I am sitting with a philosopher in the garden; he says again and again “I know that that’s a tree”, pointing to a tree that is near us. Someone else arrives and hears this, and I tell him: “This fellow isn’t insane. We are only doing philosophy.” (Wittgenstein, On Certainty, §467)
owl_of_minerva: (Default)
( Sep. 9th, 2007 03:48 pm)
From Naomi Scheman, "Feminism in Philosophy of Mind," in The Cambridge Companion to Feminism in Philosophy, ed. Miranda Fricker & Jennifer Hornsby (Cambridge UP 2000), pp. 52-53:

Disputes among feminist theorists frequently take the following form: theorists of type A argue against the appeal to absolute standards of truth or rightness that exist in abstraction from our lives and practices, on the grounds that such appeals reflect a suspicion of plurality and diversity and a disdain for that which is local, particular, contextual, contingent, embedded and embodied; while theorists of type B argue for the importance of standards of truth or rightness that are independent of what people happen to do or say, on the grounds that what most people happen to do and say -- expert discourses and common sense alike -- is prone to sexist and other forms of bias, and that we need a more compelling response than simply that we don't like it. Thus arise the debates between universalists and particularists in ethics, essentialists and social constructionists in gender and sexuality theory, empiricists and postmodernists in philosophy of science, objectivists and relativists in epistemology. The tendentious nature of all those labels reflects the divisiveness of the disputes, a divisiveness that obscures the fact that for many of us the disputes are internal to any position we might occupy. They are, I want to suggest, better thought of as necessary tensions, as reminders of the theoretical and political importance both of attention to diversity and particularity and of non-arbitrary, rationally defensible justification.
"Kantianism is only superficially repulsive -- despite appearances, it offers an inducement, solace to a sense of the world's unfairness."

- Bernard Williams – “Moral Luck” from Moral Luck: Philosophical Papers 1973-1980 (Cambridge UP, 1981), p.21.
A non f-locked post, just for fun.

This summer I'm teaching an introductory freshman course on philosophy; it's a required core course, so I have a lot of non-majors. I've taught this course a number of times before, and I've decided to totally revamp the syllabus. Instead of focusing on the nature of the soul & freedom, I'm going to focus on love & pleasure.

So far, I have the following (mostly in excerpts): Plato, Phaedrus and Symposium; some Biblical bits from OT & NT; Augustine in excerpt (any specific recommendations are good!) ; Aquinas in excerpt on the nature of love & friendship (already know which bits I'll use); Descartes in excerpt from Passions of the Soul; a little Freud (from Civilization & its Discontents?); Kierkegaard excerpts from Diary of a Seducer and Works of Love.  Anything obvious I'm leaving out?  Any further suggestions?   Keep in mind this is a very very very intro-level course, and since it's only over 5 weeks, students don't have that much time to absorb.   Given the heavy Christian emphasis (which is inevitable given I'm required to include medieval philosophy), any commentary on love from non-Christian sources would be great, too. Is there any Buddhist stuff on love or pleasure that would be fun?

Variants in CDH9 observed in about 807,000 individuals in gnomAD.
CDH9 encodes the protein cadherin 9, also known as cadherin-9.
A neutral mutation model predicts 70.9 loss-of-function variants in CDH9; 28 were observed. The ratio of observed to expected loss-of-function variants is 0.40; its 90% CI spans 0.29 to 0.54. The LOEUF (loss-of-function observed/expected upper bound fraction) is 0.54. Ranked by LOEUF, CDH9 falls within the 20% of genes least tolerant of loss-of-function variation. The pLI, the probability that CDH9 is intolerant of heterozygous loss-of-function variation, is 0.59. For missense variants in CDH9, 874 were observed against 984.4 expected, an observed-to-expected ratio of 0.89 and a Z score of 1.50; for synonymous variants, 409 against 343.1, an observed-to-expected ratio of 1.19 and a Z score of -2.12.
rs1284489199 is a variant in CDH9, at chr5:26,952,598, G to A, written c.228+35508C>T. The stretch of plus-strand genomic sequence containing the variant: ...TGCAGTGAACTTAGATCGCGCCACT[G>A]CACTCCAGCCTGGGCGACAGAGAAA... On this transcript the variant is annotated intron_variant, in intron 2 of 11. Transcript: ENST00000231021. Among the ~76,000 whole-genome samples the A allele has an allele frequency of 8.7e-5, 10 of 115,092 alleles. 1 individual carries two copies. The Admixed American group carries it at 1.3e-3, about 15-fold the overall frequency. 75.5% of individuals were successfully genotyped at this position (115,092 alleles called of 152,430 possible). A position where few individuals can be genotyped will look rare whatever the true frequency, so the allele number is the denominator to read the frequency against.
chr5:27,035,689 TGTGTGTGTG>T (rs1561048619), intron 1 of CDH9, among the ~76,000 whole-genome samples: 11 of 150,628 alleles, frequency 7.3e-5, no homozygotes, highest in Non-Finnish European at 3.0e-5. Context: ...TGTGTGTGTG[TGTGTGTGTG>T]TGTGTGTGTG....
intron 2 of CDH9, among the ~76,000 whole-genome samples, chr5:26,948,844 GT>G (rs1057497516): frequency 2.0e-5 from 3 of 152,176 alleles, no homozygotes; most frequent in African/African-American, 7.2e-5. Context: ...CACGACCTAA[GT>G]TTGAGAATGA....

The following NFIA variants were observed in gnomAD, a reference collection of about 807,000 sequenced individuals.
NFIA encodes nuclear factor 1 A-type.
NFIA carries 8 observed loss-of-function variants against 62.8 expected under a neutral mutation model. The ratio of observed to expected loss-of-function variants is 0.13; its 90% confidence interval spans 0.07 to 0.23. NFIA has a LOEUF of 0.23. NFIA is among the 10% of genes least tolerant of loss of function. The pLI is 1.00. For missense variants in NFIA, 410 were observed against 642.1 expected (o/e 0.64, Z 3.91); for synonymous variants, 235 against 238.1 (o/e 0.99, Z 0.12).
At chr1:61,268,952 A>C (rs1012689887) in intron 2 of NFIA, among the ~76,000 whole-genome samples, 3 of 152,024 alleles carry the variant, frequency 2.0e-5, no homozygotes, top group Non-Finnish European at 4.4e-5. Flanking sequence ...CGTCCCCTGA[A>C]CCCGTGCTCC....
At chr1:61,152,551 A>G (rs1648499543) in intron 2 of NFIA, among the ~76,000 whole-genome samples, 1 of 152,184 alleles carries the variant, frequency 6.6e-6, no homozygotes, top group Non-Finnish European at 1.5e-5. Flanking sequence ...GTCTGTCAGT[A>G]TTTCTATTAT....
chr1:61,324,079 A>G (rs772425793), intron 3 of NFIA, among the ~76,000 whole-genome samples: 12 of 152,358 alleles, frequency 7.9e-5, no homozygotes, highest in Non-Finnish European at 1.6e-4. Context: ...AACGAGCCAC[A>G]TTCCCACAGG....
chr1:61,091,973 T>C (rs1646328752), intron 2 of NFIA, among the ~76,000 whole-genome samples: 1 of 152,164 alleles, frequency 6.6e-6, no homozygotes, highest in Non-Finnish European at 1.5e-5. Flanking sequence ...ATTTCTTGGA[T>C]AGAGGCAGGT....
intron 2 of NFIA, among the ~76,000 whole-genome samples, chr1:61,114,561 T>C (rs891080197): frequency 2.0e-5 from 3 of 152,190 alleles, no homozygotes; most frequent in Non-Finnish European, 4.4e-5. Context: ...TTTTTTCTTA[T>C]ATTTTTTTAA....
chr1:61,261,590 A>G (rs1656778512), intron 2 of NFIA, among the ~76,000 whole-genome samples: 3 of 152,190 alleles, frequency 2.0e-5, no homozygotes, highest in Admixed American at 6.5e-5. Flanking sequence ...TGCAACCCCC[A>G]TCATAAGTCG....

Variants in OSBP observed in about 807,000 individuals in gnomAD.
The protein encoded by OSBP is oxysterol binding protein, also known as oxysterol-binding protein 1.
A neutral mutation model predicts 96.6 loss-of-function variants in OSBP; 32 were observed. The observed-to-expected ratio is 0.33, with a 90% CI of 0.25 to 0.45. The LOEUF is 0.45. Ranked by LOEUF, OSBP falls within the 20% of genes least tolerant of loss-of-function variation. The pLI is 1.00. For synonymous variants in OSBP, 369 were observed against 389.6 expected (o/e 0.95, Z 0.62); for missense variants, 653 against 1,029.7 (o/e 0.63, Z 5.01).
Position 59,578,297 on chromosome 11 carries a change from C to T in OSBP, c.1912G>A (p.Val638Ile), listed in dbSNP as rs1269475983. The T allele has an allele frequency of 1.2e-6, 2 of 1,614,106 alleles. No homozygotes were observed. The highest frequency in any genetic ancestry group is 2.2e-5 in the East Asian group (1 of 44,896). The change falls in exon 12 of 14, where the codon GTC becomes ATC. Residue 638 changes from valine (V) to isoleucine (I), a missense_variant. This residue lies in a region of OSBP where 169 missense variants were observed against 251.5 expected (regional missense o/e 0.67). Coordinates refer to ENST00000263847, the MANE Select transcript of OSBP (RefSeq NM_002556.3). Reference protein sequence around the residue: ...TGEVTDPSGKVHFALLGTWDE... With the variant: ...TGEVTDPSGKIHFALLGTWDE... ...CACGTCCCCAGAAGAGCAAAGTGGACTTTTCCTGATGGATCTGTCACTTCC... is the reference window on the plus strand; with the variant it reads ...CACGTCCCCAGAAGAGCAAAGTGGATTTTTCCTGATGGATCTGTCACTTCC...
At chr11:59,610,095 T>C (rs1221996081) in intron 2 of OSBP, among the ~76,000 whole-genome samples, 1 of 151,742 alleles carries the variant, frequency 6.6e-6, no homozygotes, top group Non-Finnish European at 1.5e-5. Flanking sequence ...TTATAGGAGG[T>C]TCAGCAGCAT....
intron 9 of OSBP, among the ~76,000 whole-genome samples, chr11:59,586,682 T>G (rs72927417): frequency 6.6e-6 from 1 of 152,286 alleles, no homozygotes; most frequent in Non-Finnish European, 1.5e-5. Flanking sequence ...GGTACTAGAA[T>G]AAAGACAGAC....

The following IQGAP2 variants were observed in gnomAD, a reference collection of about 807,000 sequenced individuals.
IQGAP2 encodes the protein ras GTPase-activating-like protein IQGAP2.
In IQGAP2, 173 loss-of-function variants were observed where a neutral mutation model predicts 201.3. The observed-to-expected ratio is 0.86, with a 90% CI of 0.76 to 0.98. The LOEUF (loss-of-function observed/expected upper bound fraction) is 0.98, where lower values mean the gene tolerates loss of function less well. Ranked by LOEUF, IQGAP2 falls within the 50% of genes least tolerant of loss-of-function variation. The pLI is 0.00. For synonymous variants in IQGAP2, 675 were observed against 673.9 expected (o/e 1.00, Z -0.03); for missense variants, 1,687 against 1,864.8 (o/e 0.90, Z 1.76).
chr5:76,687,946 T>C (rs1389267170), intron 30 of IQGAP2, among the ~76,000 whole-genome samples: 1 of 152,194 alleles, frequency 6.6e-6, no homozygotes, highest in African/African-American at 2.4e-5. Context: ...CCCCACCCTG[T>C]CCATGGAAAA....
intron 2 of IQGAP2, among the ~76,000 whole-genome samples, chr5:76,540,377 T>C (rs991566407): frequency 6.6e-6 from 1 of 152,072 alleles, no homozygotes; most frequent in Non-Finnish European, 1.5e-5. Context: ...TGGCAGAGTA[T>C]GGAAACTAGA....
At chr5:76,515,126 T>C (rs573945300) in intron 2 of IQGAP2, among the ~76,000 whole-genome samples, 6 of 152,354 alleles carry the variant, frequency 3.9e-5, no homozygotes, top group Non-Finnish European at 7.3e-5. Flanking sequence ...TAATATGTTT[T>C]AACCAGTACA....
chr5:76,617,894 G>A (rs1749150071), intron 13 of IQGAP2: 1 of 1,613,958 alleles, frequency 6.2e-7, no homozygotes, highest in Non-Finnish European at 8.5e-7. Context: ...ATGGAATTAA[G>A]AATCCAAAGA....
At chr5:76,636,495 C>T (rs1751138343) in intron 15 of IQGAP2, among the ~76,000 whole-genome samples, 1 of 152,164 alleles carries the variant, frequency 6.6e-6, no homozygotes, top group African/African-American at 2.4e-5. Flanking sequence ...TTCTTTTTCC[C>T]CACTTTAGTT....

owl_of_minerva: (Default)
( Feb. 23rd, 2007 04:10 pm)
The academics_anon discussion of the Middlebury decision re. Wikipedia reminded me of the time I looked up "autonomy" on Wikipedia, just out of curiosity (since it's my research area).

Yikes. Oh dear.

Actually to be more careful, here is the link to the latest edit, in the history page, in case someone updates it. Excerpts below.

Choice quotations: )
I'm working on my syllabus for a sophomore course on ethics; it's a required core course for all students at my university. Everyone will have already had one course on philosophy. I'm going to start the class with two weeks of one-shot classes on various themes: a day on medical ethics (I'm using an article on the problems with research on human subjects), a day on animal rights (thanks to [livejournal.com profile] epistolarysmack and [livejournal.com profile] theoryishotcrew, I'm probably going to use the Nozick piece on "Constraints and Animals"), a day on business ethics, and a day on pacifism/violence. Something like that, anyway. These two weeks will set up general questions about what philosophical ethics tries to achieve, and students will begin tentatively working on a paper project that they will develop over the course of the semester.

I'm still hunting around for articles, as you can see, for the last two... I'm also open to changing the themes. Peter Singer's piece in the NY Times last month about charitable giving might be a likely prospect, also. The articles should be accessible -- the type of thing that comes up in the NY Times magazine, for instance, is right about perfect.

So -- have any of you read anything neat and roughly ethicsy lately that you think might appeal to 19-20 year olds who are being forced to take my course? It could even be something provocatively denying the possibility of ethics -- i.e., realpolitik in humanitarianism or something. Any recommendations are good.

Bonus: Emma Frost (from Astonishing X-men) as my rolemodel )